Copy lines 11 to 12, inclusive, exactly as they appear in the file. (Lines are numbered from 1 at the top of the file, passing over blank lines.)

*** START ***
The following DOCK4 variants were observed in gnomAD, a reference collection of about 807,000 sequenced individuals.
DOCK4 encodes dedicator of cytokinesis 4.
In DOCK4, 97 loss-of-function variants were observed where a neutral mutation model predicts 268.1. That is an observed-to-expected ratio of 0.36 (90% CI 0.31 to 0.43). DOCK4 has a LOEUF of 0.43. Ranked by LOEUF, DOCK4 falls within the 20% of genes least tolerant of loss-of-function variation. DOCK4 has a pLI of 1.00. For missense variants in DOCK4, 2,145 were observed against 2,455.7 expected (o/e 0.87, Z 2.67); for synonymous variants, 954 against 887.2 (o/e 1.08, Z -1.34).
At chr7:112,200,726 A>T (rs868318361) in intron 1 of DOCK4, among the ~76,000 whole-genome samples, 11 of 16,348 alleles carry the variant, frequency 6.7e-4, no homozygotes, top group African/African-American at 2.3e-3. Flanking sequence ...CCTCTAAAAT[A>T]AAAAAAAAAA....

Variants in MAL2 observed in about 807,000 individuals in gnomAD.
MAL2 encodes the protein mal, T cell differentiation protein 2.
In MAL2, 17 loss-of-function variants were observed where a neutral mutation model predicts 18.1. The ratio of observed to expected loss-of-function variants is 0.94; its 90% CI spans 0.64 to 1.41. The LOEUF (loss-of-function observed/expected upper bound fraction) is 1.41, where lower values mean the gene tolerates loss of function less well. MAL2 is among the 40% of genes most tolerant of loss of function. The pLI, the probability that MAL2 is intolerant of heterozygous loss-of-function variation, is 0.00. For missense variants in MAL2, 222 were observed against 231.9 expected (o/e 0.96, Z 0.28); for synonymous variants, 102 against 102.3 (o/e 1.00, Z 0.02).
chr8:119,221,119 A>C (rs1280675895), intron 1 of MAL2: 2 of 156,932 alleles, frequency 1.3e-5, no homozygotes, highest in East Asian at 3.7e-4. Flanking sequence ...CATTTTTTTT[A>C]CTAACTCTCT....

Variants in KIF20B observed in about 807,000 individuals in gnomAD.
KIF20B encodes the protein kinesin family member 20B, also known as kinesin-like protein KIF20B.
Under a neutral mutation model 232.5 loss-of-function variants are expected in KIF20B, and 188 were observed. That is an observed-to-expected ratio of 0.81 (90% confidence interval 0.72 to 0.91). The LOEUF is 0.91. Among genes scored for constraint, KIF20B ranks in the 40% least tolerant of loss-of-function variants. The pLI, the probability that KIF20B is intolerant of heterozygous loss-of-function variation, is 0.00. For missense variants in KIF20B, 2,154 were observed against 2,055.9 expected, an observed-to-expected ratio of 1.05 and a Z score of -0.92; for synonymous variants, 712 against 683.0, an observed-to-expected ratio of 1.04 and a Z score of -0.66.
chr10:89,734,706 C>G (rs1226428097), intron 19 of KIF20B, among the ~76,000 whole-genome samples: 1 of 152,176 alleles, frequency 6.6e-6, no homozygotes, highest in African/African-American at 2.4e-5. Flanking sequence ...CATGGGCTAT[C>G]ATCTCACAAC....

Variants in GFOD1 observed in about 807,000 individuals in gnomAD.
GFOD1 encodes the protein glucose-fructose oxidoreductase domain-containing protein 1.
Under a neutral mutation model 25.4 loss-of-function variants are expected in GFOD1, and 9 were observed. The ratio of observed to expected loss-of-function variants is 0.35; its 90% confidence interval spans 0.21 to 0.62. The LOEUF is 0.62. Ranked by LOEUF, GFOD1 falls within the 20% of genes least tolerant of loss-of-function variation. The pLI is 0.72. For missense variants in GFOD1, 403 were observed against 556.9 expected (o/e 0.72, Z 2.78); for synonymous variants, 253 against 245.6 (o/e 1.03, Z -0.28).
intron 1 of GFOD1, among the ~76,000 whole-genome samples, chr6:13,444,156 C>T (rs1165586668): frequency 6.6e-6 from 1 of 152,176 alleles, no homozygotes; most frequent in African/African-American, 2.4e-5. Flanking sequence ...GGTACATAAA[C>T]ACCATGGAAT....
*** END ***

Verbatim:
Under a neutral mutation model 232.5 loss-of-function variants are expected in KIF20B, and 188 were observed. That is an observed-to-expected ratio of 0.81 (90% confidence interval 0.72 to 0.91). The LOEUF is 0.91. Among genes scored for constraint, KIF20B ranks in the 40% least tolerant of loss-of-function variants. The pLI, the probability that KIF20B is intolerant of heterozygous loss-of-function variation, is 0.00. For missense variants in KIF20B, 2,154 were observed against 2,055.9 expected, an observed-to-expected ratio of 1.05 and a Z score of -0.92; for synonymous variants, 712 against 683.0, an observed-to-expected ratio of 1.04 and a Z score of -0.66.
chr10:89,734,706 C>G (rs1226428097), intron 19 of KIF20B, among the ~76,000 whole-genome samples: 1 of 152,176 alleles, frequency 6.6e-6, no homozygotes, highest in African/African-American at 2.4e-5. Flanking sequence ...CATGGGCTAT[C>G]ATCTCACAAC....